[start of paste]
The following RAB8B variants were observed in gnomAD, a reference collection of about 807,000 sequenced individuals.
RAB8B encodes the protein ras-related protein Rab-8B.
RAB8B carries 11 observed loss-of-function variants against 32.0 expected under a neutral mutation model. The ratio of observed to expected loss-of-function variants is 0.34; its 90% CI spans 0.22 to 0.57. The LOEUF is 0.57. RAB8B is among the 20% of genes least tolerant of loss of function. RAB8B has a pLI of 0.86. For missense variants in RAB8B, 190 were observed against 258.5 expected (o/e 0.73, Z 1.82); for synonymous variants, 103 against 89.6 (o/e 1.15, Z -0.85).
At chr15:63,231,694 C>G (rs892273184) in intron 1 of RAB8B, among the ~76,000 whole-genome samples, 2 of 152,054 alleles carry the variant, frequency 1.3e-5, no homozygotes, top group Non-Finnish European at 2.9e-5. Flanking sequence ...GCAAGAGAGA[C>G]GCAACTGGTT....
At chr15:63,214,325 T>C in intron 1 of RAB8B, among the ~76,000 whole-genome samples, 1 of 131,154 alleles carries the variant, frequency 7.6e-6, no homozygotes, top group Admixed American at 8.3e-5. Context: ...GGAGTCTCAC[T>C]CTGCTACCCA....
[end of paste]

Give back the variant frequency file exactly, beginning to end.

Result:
The following RAB8B variants were observed in gnomAD, a reference collection of about 807,000 sequenced individuals.
RAB8B encodes the protein ras-related protein Rab-8B.
RAB8B carries 11 observed loss-of-function variants against 32.0 expected under a neutral mutation model. The ratio of observed to expected loss-of-function variants is 0.34; its 90% CI spans 0.22 to 0.57. The LOEUF is 0.57. RAB8B is among the 20% of genes least tolerant of loss of function. RAB8B has a pLI of 0.86. For missense variants in RAB8B, 190 were observed against 258.5 expected (o/e 0.73, Z 1.82); for synonymous variants, 103 against 89.6 (o/e 1.15, Z -0.85).
At chr15:63,231,694 C>G (rs892273184) in intron 1 of RAB8B, among the ~76,000 whole-genome samples, 2 of 152,054 alleles carry the variant, frequency 1.3e-5, no homozygotes, top group Non-Finnish European at 2.9e-5. Flanking sequence ...GCAAGAGAGA[C>G]GCAACTGGTT....
At chr15:63,214,325 T>C in intron 1 of RAB8B, among the ~76,000 whole-genome samples, 1 of 131,154 alleles carries the variant, frequency 7.6e-6, no homozygotes, top group Admixed American at 8.3e-5. Context: ...GGAGTCTCAC[T>C]CTGCTACCCA....